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SAISD Superintendent Wants To Be ‘District That Defies The Odds’

Camille Phillips
Texas Public Radio
San Antonio ISD Superintendent Pedro Martinez, left, shakes hands with Richard Perez, CEO of the San Antonio Chamber of Commerce.

Speaking to a room full of San Antonio’s business leaders Friday, Superintendent Pedro Martinez told them he and his staff would make sure the children attending the San Antonio Independent School District are receiving a good education.

But he said he needed the help of the business community to reduce the city’s economic segregation.

The San Antonio Chamber of Commerce and the San Antonio Hispanic of Commerce invited Martinez to update them on the state of the district.

He began by laying out SAISD’s challenges: Nationwide, less than 10 percent of students from poor families earn a college degree by the age of 24, according to the Pell Institute.

And like many Texas districts with schools struggling to improve academic performance, SAISD has a high concentration of poverty. More than half of SAISD families make less than $35,000 a year. The median household income for one out of four families is less than $20,000.

According to a district analysis of census data, 82 percent of the city’s poorest families live in the school districts that make up the urban core: Edgewood, SAISD, Harlandale and South San Antonio.

“Sadly the way economic development has happened in this city has driven much of this,” Martinez said. “I even would wonder how many have ever visited one of my neighborhoods. Cause you don’t have to. So then you don’t have to see it, right? And if you don’t have to see it, you don’t have to do anything about it.”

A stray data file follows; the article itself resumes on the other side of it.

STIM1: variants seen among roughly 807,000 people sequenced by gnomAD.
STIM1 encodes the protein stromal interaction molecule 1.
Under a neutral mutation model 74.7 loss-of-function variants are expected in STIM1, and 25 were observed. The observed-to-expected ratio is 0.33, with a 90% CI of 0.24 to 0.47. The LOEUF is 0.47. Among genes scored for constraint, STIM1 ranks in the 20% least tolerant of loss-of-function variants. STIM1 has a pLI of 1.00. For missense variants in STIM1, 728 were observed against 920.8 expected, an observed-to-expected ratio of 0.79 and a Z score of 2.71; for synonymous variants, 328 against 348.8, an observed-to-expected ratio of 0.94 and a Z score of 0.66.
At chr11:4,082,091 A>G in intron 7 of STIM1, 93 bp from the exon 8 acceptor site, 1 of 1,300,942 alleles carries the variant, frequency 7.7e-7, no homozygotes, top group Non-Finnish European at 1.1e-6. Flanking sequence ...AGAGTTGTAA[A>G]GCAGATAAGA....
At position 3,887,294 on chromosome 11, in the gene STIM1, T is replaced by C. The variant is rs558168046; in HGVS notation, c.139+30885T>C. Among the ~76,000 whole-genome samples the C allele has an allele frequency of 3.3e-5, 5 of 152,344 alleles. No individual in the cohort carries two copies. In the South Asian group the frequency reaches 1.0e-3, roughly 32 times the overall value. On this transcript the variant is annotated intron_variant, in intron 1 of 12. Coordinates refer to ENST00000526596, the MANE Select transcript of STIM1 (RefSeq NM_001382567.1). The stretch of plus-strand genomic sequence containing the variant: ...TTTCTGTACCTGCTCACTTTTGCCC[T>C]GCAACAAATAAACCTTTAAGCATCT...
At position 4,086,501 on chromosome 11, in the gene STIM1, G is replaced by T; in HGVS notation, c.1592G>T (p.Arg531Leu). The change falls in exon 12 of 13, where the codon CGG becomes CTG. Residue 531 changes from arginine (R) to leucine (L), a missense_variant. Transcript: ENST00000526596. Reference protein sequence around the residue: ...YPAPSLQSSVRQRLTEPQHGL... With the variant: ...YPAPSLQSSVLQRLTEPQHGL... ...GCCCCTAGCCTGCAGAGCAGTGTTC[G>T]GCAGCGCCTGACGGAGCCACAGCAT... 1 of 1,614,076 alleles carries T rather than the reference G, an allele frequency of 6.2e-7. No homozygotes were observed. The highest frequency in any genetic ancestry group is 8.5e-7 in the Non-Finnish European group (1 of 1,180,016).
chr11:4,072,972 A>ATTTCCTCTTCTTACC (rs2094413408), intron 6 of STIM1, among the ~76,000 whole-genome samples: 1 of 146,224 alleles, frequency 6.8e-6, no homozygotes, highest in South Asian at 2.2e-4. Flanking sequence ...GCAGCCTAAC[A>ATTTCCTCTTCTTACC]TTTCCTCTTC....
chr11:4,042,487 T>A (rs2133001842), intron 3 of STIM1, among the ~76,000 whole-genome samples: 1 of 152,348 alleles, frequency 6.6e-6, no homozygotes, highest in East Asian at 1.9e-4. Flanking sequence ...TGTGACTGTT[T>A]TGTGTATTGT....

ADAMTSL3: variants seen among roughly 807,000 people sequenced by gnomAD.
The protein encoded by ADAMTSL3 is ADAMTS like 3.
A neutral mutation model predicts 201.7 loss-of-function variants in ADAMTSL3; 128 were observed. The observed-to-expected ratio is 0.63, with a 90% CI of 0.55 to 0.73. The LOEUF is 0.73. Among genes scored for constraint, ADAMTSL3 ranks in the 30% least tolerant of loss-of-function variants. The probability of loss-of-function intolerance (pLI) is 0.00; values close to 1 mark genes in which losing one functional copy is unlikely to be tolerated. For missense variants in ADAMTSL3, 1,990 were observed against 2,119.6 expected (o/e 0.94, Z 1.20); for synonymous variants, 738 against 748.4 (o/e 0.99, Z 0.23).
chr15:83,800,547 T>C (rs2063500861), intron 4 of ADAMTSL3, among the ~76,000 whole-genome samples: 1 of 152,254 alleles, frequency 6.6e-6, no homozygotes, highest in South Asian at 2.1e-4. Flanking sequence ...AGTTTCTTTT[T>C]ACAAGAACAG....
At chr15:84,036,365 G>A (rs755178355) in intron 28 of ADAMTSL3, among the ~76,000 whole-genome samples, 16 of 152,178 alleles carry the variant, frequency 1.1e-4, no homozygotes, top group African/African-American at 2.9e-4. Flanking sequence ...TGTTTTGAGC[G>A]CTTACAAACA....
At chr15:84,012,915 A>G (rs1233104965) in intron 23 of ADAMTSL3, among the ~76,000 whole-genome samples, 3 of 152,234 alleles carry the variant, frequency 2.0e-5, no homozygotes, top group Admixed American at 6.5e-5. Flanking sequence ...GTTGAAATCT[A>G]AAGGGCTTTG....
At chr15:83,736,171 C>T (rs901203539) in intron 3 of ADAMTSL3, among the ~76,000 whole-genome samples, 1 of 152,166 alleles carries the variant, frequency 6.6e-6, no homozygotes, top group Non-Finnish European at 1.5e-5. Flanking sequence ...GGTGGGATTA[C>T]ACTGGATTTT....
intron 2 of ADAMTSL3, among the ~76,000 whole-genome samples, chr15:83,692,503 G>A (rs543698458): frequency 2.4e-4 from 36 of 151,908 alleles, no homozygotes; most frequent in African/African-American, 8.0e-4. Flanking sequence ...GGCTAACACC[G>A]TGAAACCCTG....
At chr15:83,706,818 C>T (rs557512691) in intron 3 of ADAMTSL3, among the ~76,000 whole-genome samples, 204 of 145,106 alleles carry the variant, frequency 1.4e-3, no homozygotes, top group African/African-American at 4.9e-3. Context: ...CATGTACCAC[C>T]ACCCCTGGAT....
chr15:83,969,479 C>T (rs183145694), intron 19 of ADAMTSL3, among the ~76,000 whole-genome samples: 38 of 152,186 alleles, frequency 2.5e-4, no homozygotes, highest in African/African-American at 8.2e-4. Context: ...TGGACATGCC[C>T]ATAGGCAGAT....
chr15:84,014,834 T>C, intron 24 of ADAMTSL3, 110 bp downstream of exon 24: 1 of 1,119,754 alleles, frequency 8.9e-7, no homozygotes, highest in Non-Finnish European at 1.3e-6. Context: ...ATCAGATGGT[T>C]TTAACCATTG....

Martinez said he and his staff are working to boost third grade reading, fifth grade math and participation in advanced classes starting in eighth grade — all with one goal in mind: increasing college graduation rates.

“Do we care about STAAR (state standardized) tests? Absolutely. Do we care about the state accountability system? Absolutely; it drives much of our work. But who we want to be is the district that defies the odds about children attending and graduating from college,” he said.

When Martinez became superintendent in June 2015, just 5 percent of the district’s 2,483 high school graduates scored high enough on the SAT or ACT to be considered ready for college. Last year that number climbed to 9 percent.

He acknowledged the district has a long ways to go, but pointed to positive signs, such as a high level of interest in specialty schools like Advanced Learning Academy and Twain Dual Language Academy.

Martinez also said the district has nearly doubled the number of eighth graders taking ninth grade math and English over the past two years, and more than 90 percent of those students passed.

“If we do the right things; if we work with the community, if we work with the parents, it is amazing what our children will show us,” Martinez said.

Still, he said change will take time, and he asked business leaders for patience and for their help reducing the effects of poverty, such as exposure to lead causing learning disabilities.

“We have thousands of children who have learning disabilities,” Martinez said. “We’ll own education. I can’t own the lead, folks. I can’t own the dilapidated housing. That’s where I need your help.”

Camille Phillips can be reached at Camille@tpr.org or on Twitter @cmpcamille

Camille Phillips can be reached at Camille@TPR.org and on Twitter at @cmpcamille. TPR was founded by and is supported by our community. If you value our commitment to the highest standards of responsible journalism and are able to do so, please consider making your gift of support today.